In the Epilogue to the first edition of my Classical Semkhya, I attempted to compare and contrast the eccentric Samkhya dualism of purusa and prakrti with the equally eccentric but strikingly similar dualist ontology (the pour-soi and en-sol) of Jean-Paul Sartre in the hope of showing the salient difference of the Samkhya dualism (as well as the Sartrian dualism) from the garden-variety Cartesian dualism of western thought as well as the standard dualistic versions of the Vedanttic philosophies in India. In the Epilogue to the second edition of my Classical Samkhya in 1979, I attempted to offer what I think is the first serious critique of Sarikara's critique of the Samkhya philosophy, highlighting the manner in which Sarikara clearly misunderstood the nature of the Samkhya dualism and thereby set in motion a misunderstanding of the Samkhya philosophy, which continues even now in some contemporary accounts of Samkhya. In the two introductory essays to the encyclopedia volumes mentioned above, I have tried to argue that classical Samkhya philosophy is a creative and original tradition of philosophical reflection, and far from 'being a curious piece of cosmological speculation, is in many ways one of the truly important intellectual achievements in India's history.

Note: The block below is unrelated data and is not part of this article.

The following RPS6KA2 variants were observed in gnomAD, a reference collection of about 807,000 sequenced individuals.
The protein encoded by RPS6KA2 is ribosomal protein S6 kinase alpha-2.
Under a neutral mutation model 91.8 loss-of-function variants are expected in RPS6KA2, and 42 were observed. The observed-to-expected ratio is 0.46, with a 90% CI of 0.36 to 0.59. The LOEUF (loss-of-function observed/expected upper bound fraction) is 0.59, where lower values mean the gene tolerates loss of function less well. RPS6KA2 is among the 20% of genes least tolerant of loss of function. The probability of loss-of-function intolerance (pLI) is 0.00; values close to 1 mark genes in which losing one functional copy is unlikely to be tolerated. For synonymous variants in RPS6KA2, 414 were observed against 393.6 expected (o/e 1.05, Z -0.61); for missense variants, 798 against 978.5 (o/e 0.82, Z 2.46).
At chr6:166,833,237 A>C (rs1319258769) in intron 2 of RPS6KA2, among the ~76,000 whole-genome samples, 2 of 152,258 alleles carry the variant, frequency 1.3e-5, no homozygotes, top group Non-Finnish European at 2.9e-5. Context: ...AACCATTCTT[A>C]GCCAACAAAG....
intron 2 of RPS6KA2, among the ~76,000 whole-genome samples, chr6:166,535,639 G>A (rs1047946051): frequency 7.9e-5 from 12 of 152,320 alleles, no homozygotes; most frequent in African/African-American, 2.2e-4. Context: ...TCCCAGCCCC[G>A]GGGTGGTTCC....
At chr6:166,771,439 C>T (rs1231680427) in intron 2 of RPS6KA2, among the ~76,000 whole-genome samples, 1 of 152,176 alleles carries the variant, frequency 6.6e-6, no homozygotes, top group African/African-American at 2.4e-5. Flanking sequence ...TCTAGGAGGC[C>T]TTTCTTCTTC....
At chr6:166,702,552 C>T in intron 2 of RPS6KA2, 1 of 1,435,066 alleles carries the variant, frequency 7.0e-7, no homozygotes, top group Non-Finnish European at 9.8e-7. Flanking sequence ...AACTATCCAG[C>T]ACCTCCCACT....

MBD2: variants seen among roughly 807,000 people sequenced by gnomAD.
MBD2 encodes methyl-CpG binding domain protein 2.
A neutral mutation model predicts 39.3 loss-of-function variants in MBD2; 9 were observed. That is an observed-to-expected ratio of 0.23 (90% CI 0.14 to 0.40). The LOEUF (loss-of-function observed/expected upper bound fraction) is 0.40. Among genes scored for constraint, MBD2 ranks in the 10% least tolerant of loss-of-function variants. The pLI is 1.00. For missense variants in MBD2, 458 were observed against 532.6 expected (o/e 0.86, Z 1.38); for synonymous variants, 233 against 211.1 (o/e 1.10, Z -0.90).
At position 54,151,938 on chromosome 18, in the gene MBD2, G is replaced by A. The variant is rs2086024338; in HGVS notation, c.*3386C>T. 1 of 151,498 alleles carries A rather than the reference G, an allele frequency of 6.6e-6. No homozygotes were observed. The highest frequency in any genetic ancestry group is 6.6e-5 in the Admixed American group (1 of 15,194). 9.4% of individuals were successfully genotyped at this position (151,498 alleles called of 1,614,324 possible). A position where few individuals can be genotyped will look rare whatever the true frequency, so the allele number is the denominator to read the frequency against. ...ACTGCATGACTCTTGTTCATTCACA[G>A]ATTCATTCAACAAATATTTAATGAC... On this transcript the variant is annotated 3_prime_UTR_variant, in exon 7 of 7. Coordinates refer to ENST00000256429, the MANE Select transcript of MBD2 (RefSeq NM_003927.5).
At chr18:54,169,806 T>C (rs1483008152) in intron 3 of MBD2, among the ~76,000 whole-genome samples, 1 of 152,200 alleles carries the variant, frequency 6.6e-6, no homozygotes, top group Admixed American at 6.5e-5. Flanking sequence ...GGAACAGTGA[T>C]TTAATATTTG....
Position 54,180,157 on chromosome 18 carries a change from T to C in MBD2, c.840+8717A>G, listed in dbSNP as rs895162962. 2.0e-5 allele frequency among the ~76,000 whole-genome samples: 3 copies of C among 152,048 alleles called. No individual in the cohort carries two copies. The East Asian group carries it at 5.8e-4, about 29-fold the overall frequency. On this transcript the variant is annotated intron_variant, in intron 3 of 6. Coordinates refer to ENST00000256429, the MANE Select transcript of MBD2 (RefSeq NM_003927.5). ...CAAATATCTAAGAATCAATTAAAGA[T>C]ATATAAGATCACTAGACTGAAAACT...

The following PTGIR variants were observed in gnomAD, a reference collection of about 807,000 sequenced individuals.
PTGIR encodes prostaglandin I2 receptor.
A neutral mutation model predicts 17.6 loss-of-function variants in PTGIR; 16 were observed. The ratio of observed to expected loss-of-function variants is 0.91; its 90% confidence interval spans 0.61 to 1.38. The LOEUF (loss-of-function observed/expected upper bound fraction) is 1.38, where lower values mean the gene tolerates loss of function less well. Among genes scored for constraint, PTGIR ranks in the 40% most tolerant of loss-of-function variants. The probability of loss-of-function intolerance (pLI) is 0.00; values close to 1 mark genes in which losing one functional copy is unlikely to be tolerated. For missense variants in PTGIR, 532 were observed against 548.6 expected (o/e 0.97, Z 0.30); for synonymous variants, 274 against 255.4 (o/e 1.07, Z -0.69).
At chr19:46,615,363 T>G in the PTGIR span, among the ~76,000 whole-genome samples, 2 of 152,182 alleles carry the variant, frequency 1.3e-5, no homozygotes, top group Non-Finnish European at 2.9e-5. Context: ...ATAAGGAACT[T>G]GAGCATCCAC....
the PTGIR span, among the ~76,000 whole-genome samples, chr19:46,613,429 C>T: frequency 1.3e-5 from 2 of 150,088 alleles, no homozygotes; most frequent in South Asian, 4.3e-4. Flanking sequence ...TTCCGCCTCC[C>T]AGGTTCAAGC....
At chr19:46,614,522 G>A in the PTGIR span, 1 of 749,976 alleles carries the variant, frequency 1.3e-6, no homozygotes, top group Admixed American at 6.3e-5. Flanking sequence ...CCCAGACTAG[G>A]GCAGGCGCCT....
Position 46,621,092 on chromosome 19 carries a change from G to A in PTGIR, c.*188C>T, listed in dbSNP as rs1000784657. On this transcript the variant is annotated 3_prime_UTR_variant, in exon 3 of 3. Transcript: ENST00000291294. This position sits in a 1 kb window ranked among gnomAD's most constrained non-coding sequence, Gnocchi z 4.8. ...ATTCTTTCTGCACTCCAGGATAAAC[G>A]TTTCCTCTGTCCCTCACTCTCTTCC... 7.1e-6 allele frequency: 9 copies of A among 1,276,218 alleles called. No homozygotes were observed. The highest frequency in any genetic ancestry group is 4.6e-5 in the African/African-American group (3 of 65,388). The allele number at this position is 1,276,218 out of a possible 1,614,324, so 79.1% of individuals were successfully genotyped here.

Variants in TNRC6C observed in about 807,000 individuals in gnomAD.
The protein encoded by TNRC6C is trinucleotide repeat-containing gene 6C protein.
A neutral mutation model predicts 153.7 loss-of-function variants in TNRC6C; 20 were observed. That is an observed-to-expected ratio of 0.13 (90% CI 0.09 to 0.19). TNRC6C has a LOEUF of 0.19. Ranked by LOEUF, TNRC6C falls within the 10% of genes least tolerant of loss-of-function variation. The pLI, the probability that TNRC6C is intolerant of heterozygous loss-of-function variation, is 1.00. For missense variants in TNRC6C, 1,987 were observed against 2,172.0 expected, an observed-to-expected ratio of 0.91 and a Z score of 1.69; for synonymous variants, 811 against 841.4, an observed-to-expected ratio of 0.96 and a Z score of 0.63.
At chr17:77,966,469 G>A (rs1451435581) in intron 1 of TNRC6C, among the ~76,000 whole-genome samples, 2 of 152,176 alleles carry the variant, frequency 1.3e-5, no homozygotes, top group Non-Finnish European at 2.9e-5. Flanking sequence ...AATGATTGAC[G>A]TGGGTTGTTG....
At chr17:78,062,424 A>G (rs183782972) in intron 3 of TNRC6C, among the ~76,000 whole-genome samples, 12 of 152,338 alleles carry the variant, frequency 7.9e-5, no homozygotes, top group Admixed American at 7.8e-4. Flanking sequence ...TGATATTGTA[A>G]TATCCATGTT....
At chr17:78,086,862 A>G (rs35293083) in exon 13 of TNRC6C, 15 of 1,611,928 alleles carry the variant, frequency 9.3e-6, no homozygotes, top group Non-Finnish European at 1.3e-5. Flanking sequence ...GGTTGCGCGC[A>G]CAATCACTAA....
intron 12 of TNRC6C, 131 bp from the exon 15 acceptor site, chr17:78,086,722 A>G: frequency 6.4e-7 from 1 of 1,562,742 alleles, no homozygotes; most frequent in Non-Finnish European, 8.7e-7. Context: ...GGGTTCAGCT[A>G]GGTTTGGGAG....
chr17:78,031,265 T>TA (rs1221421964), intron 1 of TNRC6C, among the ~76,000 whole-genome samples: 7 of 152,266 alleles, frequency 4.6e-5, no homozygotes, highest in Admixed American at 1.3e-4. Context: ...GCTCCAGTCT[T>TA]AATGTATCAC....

The purpose of this book is to present a systematic discussion of the philosophy of classical Yoga as an interpretation and further elucidation of the philosophy of classical Samkhya, based upon new translations into English of the three most important texts of philosophical Yoga, namely, the Yoga-sotra-s, attributed to a certain Patanjali and usually called the Patanjala-yoga-sotra or Patanjala-yoga- sastra(hereafter simply YS) (ca. CE 350-450); its basic commentary (the Bhasya) attributed to the legendary Veda vyasa (hereafter the VB) (likewise ca. CE 350-450); and a long sub-commentary called a tika (or Vyakhya) entitled Iettvavaisaradi ('' A Skilled Clarification of the Truth'') (of Yoga) (hereafter TV) composed by the well known scholar of Indian philosophy, Vacaspatimisra (hereafter VM) (ca. CE 950). The total complex of the translation includes the four sections (or Pada-s) of the YS, inclusive of the ''Samadhi Pada,'' ''the concentration section'' (with 51 sotra-s), the ''Sadhana Pada,'' ''the meditative practice section'' (with 55 sotra-s), the ''Vibhuti Pada,'' ''the extraordinary cognitive states section'' (with 55 sotra-s) and ''Kaivalya Pada,' ''the spiritual freedom section'' (with 34 sutra-s). The sutra-s, taken together alone (without commentary), or what is known as the ''sutrapatha,: number 195. Taken together by themselves in this manner, the sutra-s are for the most part nearly impossible to understand, making clear that there has probably been a long tradition of oral interpretation, traceable through a series of traditional teachers (guru-parampara). Written commentaries in the case of the YS probably began already with the Bh8$ya attributed to the legendary Vedavyasa (or the VB). In this regard, the laconic nature of the VB almost appears at times to be a set of scholarly notations, suggesting perhaps that the VB is what is known as a ''self-composed'' (svopajna) commentary. The Tika (or Vyakhya) of Vacaspatimisra, on the other hand, is a much more elaborate and dense discussion of the sutrapatha and the VB. Even with both commentaries, moreover, the full significance of the Patanjala-yoqa-sutra-s (YS) remains elusive. The dates for all three texts are only approximate as is often the case for Sanskrit philosophical texts in the early centuries, especially for the YS and VB, which could easily be plausibly dated in a wider range of ca. CE 200-600.